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When planning for retirement, consider transportation

Roland and Rosemarie Dion, both 81, live on the eastern edge of San Diego, and have begun planning for a carless future. They have considered relocating.
Roland and Rosemarie Dion, both 81, live on the eastern edge of San Diego, and have begun planning for a carless future. They have considered relocating.
Published Dec. 15, 2014

For Roland Dion, 81, who lives on the eastern edge of San Diego, being isolated in a place where the car rules is all too real a possibility.

"Out here, it's cars," he said. "Cars, cars, cars, cars." Doctor appointments, grocery shopping, movie theaters, even reaching the beach from where the Dions live all require a car. "If you don't have a car, you're stranded," said Dion, a retired marriage and family therapist. He and his wife, a master weaver, moved to California 38 years ago from Connecticut.

Although he still drives 16 miles — on three freeways — to writers group meetings, he has decided the time has come to plan for a carless future.

On a recent afternoon, he took a first step in that direction. He and his wife, Rosemarie, also 81, drove to the Grossmont trolley station, part of the Metropolitan Transit System, and rode the green line toward Old Town, where they spent part of the day exploring. They traveled in a group led by Judi Bonilla, a gerontologist and founder of We Get Around. The organization is a fledgling nonprofit that promotes the use of public transportation for adults who believe they may be near the end of their driving days.

But in places like San Diego, the transition is not an easy one. From their home, the nearest bus stop is a 1-mile walk away. "I can still do it," Dion said. But his wife cannot.

"All of this is well and good while you have your health," he said. Yet, he allowed, "You can't do all the things you used to do."

The situation the Dions face now is likely to become more common as aging baby boomers age even more. During retirement planning, transportation is often an afterthought. Yet, figuring transportation into plans is essential, experts say.


According to the American Journal of Public Health, Americans are outliving their ability to drive safely — a woman, on average, by 10 years, a man by seven. Overall, the ability to drive safely as one ages depends on health. Some people can drive into their 90s, while others begin to cut back at 65.

And yet, most people prefer not to think about the day when they have to rely on others or use public transportation for routine activities. "People avoid the topic," said Beth Shapiro, a clinical social worker in Rockville, Md., who runs the Jewish Social Service Agency's "To Drive or Not to Drive" program.

"When people make retirement plans, they make no transportation plans because they assume they're going to drive forever," said Katherine Freund, founder and president of the Independent Transportation Network, a nonprofit that provides rides for older adults, with 27 affiliates throughout the country, including in Sarasota. Nationally, for those over 65, 2 to 3 percent of what distance they travel is on public transportation, 8 percent on foot and the rest by car, Freund said.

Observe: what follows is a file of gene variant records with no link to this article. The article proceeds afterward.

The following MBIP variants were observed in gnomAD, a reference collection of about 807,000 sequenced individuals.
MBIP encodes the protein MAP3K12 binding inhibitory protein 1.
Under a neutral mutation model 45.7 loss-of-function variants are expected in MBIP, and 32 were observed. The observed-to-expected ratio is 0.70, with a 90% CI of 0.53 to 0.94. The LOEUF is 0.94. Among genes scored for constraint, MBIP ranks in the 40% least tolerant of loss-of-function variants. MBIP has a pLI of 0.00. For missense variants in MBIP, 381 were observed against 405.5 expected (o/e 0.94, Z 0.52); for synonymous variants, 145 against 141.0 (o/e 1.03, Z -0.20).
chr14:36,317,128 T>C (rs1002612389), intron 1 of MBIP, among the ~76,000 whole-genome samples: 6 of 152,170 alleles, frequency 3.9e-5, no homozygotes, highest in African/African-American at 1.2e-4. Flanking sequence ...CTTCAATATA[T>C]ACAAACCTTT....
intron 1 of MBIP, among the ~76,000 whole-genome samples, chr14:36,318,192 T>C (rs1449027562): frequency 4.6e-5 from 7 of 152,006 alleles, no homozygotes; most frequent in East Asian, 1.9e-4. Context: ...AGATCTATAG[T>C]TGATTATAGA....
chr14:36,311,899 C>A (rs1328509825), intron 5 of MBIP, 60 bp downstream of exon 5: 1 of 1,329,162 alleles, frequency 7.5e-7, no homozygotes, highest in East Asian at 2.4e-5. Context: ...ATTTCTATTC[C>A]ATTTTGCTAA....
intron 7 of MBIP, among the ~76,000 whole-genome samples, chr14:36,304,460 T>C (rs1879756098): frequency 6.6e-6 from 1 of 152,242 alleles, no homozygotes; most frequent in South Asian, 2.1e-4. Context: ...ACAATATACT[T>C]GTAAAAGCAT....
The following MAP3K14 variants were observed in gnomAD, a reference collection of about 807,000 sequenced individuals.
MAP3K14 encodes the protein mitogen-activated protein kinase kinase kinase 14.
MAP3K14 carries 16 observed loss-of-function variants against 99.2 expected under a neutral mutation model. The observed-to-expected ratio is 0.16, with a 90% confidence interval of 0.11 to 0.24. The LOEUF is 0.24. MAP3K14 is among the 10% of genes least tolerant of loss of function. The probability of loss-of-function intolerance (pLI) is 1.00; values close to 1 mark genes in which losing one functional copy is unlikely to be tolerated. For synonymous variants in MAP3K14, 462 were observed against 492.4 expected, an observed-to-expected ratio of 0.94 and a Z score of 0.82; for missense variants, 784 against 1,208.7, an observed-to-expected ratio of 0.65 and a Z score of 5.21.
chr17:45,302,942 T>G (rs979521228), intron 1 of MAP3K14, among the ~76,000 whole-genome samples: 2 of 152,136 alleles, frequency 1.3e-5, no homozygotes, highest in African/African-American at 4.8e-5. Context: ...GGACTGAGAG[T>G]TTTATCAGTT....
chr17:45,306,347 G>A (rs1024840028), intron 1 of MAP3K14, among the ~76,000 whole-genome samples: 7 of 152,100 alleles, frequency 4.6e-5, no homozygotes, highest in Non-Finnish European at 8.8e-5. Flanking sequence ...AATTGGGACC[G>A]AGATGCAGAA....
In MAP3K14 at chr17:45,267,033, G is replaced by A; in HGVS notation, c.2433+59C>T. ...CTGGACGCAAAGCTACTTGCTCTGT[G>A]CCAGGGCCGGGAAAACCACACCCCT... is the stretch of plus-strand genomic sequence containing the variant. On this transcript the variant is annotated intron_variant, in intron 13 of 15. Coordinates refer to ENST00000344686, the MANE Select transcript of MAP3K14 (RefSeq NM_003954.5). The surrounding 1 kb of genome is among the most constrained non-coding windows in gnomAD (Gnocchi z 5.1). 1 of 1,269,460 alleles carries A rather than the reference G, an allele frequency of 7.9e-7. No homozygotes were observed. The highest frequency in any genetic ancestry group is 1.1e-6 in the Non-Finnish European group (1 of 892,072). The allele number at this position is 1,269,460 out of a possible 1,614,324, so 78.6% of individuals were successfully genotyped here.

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Not driving by choice is different from realizing you are no longer fit to drive. Deciding to drive less typically happens incrementally. People might decide to stop driving at night to unfamiliar places, for instance. But regardless of the reason, not driving can limit your autonomy, even your social life.


When planning ahead, think about whether you prefer to stay in your community, plan to downsize or will relocate. According to a 2014 AARP study, by age 65 and older, 87 percent of people want to remain in their current community as they age.

"If you're 55, you have to project out into the future," said Bonilla of We Get Around.

In car-oriented areas, people often rely on family and friends for transportation. But there aren't always younger family members available to drive those in their 80s and 90s, and sometimes family members live in another city or state.

Transportation is the second-highest household expense after housing, according to the Office of Planning, Environment and Realty, which is part of the Department of Transportation's Federal Highway Administration.

Those living in households that are car-dependent spend 25 percent of income on transportation. By living closer to work, shopping, restaurants and other amenities, households can reduce transportation costs to 9 percent of their total income.


Whatever decision you make about where to live and transportation, here are some guidelines from experts:

Analyze your current neighborhood in terms of where you typically need and want to go, and determine how you might reach those places if you weren't driving.

Look at the social support where you live.

If you plan to continue driving, AAA offers resources like making sure your car suits you ergonomically and information about renewing your driver's license where you live.


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